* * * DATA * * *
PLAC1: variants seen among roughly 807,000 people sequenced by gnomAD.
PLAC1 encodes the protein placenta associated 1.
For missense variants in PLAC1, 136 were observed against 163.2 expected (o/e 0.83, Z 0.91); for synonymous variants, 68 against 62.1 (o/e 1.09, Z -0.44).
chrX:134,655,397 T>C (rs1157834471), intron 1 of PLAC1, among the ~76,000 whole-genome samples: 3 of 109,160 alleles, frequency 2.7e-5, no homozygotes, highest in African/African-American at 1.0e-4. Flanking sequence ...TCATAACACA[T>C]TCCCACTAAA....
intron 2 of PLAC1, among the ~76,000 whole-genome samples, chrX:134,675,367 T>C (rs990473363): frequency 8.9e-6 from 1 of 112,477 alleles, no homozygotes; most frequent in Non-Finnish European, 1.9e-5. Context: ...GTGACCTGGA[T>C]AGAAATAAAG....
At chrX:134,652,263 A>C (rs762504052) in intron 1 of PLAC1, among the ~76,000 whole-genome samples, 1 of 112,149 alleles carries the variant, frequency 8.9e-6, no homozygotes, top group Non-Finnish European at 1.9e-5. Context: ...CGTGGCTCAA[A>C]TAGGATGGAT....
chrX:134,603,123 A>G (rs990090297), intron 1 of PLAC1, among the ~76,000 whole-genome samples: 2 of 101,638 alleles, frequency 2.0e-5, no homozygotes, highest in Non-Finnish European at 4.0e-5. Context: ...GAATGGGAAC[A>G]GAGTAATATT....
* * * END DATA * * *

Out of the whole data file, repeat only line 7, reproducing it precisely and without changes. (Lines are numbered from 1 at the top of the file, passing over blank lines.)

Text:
chrX:134,603,123 A>G (rs990090297), intron 1 of PLAC1, among the ~76,000 whole-genome samples: 2 of 101,638 alleles, frequency 2.0e-5, no homozygotes, highest in Non-Finnish European at 4.0e-5. Context: ...GAATGGGAAC[A>G]GAGTAATATT....